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Whether you’re just leaving college or a post-graduate program, the conditions aren’t the most favorable for finding work. You’re certainly in a better position than someone who has no degree, but according to the New York Times, evidence suggests that employers are hiring college-educated workers for jobs that don’t require college-level skills. Thus, many college graduates are coming out of school to find themselves seriously under-employed, working in jobs that twenty years ago, college grads might have scoffed at.

What’s The Alternative?

When the economy’s in crisis and the prevailing wisdom is to “take whatever job you can get,” do you have any alternatives? Absolutely! What would you choose, if you could? A dismal future of being overworked, under-employed, and under-compensated, working corporate jobs that, with downsizing and outsourcing, continue to less and less secure every day, or a future in which you set your own hours, work in the way that suits you best with the clients you enjoy most, earning the salary that you choose?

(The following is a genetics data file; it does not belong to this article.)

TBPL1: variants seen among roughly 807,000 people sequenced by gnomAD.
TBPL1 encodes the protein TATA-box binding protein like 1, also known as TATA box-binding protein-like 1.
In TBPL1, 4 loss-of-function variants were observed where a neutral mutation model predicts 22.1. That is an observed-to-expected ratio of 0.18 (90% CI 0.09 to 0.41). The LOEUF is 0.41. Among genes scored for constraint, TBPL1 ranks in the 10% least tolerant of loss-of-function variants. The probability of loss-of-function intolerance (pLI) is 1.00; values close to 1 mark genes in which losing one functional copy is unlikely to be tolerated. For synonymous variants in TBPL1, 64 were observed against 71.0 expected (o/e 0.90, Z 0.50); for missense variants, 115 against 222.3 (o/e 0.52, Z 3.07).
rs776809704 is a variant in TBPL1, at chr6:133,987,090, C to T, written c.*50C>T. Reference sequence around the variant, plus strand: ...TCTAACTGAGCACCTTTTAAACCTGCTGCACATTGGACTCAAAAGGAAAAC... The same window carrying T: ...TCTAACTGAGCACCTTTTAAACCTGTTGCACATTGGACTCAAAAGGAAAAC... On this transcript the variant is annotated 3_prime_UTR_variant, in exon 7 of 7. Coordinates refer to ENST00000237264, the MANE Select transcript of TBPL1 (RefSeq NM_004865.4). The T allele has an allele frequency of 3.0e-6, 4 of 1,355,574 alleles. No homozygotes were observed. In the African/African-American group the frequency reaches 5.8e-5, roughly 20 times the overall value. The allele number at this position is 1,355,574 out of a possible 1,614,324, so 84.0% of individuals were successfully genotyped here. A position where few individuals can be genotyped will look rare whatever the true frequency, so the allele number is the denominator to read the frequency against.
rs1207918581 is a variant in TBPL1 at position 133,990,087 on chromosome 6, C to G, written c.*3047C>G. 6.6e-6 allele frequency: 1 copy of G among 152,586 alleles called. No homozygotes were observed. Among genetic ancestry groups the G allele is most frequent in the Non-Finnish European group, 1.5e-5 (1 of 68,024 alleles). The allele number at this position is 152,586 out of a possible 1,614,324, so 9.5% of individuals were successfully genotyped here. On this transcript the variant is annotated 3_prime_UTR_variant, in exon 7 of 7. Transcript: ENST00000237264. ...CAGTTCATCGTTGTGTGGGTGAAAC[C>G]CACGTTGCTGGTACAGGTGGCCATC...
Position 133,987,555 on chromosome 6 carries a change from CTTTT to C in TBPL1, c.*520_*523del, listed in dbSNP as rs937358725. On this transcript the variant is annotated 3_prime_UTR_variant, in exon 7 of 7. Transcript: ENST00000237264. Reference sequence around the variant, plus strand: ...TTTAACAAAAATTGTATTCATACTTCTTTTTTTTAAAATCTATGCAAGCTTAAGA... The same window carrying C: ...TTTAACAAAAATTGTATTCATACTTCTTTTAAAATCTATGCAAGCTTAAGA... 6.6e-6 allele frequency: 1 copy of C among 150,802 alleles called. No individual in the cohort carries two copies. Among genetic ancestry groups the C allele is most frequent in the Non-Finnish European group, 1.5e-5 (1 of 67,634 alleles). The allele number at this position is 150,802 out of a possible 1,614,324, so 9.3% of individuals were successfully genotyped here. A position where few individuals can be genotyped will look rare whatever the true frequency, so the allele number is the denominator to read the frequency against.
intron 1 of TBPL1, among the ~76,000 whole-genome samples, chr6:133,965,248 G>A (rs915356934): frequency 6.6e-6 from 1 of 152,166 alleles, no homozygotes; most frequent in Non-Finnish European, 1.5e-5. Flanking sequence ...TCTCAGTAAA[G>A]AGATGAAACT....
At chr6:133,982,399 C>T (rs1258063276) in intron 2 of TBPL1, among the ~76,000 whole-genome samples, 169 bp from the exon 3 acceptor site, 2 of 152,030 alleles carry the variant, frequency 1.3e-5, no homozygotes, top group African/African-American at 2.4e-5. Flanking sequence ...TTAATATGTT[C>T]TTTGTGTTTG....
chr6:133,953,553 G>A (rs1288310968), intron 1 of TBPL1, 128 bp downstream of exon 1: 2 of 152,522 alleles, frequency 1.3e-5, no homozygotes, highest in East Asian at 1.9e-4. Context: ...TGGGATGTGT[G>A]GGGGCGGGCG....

A New Plan For Your Future

When you own your own business, you make the rules. Everything happens on your terms. That means you make all the decisions. That’s both awesome and scary, but it puts control over your destiny squarely in your hands. Your success or failure is completely up to you. You might be thinking, “But what about market conditions?” Sure, the economy and certain conditions have an impact on business. But every realtor didn’t go out of business when the housing market struck. Instead, the crisis separated the wheat from the chaff—industry and economic problems have a way of sorting out which businesses are best prepared to weather the storm, add new marketing strategies, and serve their clientele best when trouble hits.

But Is It Safe To Start A Business In A Tough Economy?